The payment of incentives to farmers whose land use protects natural resources and hence provides a service to the local, national and global community is a new option which could contribute to the financial viability of farms. The title of this congress "Forests, source of life" offers an opportunity to emphasize and review this important new focus in AFS programmes; i.e. the quantification and valuation of service functions of tree-crop and/or tree-animal production systems. The main service functions of the AFS considered in this paper are soil conservation, conservation of water quality, carbon capture (climate change) and biodiversity conservation.
The concepts of soil amelioration by trees in AFS have been reviewed by Young (1989) and Buresh and Tian (1998) among other authors. Soil improvement in AFS is linked to the growth of nitrogen-fixing trees or deep-rooted trees and shrubs that increase nitrogen availability through biological fixation, recycle plant nutrients from depth (especially in dry zones) and build up soil organic matter (Beer, 1988; Rao et al., 1998).
Formal AFS research (especially in Africa) initially focused on ways of maintaining soil fertility in annual cropping systems by using leguminous shrub species; e.g. in parkland AFS (Charreau and Vidal, 1965), in alley cropping (Kang and Reynolds, 1989) and tree-improved fallows (see below). Less research has been carried out on "barrier" AFS (alley cropping along the contour of slopes), though the use of strips of grass and other annual species to trap sediments and nutrients, slow runoff and increase infiltration has been widely promoted by non-governmental organizations in Central America and Asia. Although many of these AFS studies gave promising results on-station or in researcher managed on-farm trials, for productivity and soil fertility parameters, adoption of alley-cropping systems was disappointing because of: high labour and land requirements; in some cases because of the lack of commercial or home use products from the tree/shrub component; and the long time required to show positive changes (Carter, 1995).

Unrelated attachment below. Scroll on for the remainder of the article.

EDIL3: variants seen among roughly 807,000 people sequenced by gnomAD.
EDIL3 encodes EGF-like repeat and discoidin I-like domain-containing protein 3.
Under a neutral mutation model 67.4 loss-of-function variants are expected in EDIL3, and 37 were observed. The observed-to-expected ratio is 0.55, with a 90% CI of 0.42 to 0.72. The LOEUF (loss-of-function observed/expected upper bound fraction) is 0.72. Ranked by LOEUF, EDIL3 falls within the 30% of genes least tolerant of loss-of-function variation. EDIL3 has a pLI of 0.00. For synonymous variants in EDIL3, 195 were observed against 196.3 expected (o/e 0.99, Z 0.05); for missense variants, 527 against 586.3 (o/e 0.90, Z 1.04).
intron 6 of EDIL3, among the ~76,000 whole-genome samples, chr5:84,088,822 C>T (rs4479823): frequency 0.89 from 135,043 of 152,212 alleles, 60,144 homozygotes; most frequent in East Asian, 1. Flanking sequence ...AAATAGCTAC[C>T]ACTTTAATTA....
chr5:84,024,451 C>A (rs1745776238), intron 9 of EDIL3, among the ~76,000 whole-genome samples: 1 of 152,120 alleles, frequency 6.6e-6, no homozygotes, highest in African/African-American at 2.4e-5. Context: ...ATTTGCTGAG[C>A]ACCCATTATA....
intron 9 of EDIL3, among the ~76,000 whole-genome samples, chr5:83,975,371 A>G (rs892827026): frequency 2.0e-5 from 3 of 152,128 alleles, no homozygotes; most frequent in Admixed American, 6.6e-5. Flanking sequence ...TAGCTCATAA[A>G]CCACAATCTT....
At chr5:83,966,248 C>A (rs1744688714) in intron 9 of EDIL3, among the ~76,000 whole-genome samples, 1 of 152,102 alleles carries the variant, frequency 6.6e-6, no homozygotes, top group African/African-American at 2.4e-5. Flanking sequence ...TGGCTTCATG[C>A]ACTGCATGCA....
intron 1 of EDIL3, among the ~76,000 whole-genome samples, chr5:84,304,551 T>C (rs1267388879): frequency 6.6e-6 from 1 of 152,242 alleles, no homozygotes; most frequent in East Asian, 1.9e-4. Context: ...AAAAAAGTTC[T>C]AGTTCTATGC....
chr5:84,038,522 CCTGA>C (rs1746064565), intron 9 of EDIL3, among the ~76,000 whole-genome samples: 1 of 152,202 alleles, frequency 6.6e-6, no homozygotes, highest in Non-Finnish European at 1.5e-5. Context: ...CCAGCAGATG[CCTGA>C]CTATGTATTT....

Planted tree fallows are a potential solution to declining soil fertility due to shortened fallow periods in areas where slash-and-burn is still practised (Anderson and Sinclair, 1993; Harmand and Njiti, 1998; Ganry et al., 2001). Nitrogen availability, determined by inorganic soil nitrogen or aerobic nitrogen mineralization at 0 to 20 cm depth, and crop yields can be significantly higher after a rotation of nitrogen-fixing trees than after other tree species or grass fallows (Harmand and Balle, 2001). Relative to herbaceous fallows (leguminous or non-leguminous), greater accumulation of organic material and nutrient storage in biomass, increased root density as well as greater vertical extension of tree roots help maintain nutrient stocks by reducing leaching losses or by taking up nutrients from deep layers. Szott and Palm (1996) reported that, in comparison to leguminous herbaceous fallows, leguminous tree fallows greatly increased the total of phosphorus, potassium, calcium and magnesium stocks in the biomass, litter and exchangeable cations/ available phosphorus (soil; 0-45cm). These authors suggested that fast-growing leguminous trees can accelerate restoration of nitrogen, phosphorus and potassium stocks in the crop layer but may not completely restore calcium and magnesium stocks.